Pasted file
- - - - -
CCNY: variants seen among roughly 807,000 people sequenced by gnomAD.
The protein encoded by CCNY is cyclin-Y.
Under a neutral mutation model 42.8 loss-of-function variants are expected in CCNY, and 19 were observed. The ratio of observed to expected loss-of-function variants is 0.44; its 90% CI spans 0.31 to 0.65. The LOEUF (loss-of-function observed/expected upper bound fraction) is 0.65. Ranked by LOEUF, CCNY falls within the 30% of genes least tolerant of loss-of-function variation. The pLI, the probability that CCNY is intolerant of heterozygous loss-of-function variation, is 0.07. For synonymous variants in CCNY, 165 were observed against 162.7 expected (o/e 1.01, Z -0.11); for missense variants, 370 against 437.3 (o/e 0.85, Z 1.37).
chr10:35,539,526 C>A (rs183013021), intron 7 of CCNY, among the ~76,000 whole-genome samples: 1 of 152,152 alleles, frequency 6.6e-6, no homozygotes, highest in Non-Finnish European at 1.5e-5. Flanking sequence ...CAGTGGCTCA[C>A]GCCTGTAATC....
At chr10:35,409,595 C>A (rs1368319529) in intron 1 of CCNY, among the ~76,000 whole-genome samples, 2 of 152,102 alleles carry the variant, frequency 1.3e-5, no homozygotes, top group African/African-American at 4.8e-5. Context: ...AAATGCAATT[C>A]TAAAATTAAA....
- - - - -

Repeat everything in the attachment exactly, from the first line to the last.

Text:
CCNY: variants seen among roughly 807,000 people sequenced by gnomAD.
The protein encoded by CCNY is cyclin-Y.
Under a neutral mutation model 42.8 loss-of-function variants are expected in CCNY, and 19 were observed. The ratio of observed to expected loss-of-function variants is 0.44; its 90% CI spans 0.31 to 0.65. The LOEUF (loss-of-function observed/expected upper bound fraction) is 0.65. Ranked by LOEUF, CCNY falls within the 30% of genes least tolerant of loss-of-function variation. The pLI, the probability that CCNY is intolerant of heterozygous loss-of-function variation, is 0.07. For synonymous variants in CCNY, 165 were observed against 162.7 expected (o/e 1.01, Z -0.11); for missense variants, 370 against 437.3 (o/e 0.85, Z 1.37).
chr10:35,539,526 C>A (rs183013021), intron 7 of CCNY, among the ~76,000 whole-genome samples: 1 of 152,152 alleles, frequency 6.6e-6, no homozygotes, highest in Non-Finnish European at 1.5e-5. Flanking sequence ...CAGTGGCTCA[C>A]GCCTGTAATC....
At chr10:35,409,595 C>A (rs1368319529) in intron 1 of CCNY, among the ~76,000 whole-genome samples, 2 of 152,102 alleles carry the variant, frequency 1.3e-5, no homozygotes, top group African/African-American at 4.8e-5. Context: ...AAATGCAATT[C>A]TAAAATTAAA....